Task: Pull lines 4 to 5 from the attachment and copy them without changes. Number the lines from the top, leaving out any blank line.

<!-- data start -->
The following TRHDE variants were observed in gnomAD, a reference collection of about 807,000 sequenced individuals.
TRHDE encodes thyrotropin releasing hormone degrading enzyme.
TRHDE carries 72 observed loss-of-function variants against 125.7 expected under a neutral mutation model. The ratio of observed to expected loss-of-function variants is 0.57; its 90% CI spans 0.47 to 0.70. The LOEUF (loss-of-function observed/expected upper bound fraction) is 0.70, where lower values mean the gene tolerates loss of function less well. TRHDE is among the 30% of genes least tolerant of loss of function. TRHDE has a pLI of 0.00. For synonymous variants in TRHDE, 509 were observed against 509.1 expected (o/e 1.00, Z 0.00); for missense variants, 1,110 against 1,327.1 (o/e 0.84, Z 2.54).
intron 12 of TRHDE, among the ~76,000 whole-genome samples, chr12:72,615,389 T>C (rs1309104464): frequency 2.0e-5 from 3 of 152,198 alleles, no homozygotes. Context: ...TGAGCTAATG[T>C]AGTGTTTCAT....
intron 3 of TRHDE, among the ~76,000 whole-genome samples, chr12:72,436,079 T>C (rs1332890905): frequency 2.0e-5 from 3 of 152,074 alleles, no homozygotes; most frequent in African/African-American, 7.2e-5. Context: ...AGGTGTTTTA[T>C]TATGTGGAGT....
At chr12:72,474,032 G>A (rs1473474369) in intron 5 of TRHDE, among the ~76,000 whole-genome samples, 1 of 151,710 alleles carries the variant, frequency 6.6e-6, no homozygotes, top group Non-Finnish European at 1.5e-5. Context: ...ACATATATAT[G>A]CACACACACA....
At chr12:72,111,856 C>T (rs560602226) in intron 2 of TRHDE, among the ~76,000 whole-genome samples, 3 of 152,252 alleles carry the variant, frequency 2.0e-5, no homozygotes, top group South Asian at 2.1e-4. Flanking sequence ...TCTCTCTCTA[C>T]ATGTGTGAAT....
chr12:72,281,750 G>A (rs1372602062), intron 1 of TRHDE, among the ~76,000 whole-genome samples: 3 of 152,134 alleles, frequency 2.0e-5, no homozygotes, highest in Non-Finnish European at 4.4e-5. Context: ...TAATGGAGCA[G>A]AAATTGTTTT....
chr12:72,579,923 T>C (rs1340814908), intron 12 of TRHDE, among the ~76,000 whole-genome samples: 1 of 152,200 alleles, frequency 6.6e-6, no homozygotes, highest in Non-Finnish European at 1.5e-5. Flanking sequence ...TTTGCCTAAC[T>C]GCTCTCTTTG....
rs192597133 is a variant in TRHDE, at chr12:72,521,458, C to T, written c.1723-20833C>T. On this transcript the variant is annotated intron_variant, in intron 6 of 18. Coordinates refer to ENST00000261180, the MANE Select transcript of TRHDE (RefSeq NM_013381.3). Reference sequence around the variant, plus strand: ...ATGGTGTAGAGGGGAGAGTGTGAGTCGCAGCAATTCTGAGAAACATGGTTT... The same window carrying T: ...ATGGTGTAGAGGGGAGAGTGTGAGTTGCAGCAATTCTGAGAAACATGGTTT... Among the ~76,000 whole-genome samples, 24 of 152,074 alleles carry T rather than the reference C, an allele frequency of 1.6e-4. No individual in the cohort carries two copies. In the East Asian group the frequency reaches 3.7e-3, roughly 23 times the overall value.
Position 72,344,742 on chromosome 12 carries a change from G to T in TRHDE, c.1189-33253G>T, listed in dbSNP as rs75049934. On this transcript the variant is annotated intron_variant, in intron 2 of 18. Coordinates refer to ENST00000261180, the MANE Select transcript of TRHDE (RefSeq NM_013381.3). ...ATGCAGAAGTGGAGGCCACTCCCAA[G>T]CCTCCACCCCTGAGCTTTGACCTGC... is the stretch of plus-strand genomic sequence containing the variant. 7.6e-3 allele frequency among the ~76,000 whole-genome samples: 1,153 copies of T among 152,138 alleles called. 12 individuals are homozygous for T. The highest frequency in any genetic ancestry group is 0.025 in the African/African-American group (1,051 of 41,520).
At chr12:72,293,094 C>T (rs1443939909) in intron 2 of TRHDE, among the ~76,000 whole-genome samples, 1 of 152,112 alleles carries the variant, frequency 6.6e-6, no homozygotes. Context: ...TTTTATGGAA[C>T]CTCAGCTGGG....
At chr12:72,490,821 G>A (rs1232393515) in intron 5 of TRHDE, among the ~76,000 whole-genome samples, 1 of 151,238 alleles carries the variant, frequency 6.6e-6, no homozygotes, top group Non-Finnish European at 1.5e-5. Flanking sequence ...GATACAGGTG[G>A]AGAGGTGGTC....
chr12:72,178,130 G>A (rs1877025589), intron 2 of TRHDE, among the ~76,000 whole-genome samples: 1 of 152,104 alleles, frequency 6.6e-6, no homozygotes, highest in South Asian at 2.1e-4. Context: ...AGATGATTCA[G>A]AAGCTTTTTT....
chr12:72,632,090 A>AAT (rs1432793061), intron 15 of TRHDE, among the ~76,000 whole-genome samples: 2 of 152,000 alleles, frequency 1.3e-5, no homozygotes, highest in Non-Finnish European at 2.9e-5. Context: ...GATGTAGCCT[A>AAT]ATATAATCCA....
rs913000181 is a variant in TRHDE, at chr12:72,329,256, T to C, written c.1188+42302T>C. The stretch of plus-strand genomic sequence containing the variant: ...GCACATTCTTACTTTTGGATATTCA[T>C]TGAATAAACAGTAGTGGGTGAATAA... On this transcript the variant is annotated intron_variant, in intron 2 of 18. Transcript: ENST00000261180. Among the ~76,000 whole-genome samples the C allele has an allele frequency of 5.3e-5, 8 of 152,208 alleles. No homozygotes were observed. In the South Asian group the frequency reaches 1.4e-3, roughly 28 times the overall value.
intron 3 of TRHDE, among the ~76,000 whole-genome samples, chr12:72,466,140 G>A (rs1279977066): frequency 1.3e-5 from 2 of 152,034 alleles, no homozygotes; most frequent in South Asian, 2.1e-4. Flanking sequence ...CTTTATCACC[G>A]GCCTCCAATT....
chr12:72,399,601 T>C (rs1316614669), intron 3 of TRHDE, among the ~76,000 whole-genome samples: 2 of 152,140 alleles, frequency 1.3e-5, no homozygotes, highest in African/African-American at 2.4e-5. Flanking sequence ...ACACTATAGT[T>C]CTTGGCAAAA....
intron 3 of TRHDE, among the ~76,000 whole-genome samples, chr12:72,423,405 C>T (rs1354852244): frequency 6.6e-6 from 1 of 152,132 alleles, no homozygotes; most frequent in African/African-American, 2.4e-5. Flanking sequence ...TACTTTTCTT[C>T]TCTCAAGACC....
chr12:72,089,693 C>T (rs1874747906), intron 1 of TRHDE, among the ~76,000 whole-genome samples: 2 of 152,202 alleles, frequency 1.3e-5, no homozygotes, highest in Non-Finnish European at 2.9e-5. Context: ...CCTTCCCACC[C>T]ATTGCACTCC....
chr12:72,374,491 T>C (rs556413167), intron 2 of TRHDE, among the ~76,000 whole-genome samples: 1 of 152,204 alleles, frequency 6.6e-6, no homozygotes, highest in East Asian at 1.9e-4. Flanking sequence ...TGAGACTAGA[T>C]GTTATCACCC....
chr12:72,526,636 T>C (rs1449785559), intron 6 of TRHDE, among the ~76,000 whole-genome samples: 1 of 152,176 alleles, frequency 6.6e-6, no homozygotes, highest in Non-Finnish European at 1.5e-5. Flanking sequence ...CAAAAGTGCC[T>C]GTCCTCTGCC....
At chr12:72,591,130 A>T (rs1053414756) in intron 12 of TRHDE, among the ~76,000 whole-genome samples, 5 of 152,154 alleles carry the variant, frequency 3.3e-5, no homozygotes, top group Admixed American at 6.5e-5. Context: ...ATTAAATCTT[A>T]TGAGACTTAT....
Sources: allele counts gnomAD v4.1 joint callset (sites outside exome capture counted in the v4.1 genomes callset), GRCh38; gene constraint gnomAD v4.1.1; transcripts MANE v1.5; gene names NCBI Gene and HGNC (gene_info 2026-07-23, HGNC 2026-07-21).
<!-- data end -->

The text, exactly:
intron 12 of TRHDE, among the ~76,000 whole-genome samples, chr12:72,615,389 T>C (rs1309104464): frequency 2.0e-5 from 3 of 152,198 alleles, no homozygotes. Context: ...TGAGCTAATG[T>C]AGTGTTTCAT....
intron 3 of TRHDE, among the ~76,000 whole-genome samples, chr12:72,436,079 T>C (rs1332890905): frequency 2.0e-5 from 3 of 152,074 alleles, no homozygotes; most frequent in African/African-American, 7.2e-5. Context: ...AGGTGTTTTA[T>C]TATGTGGAGT....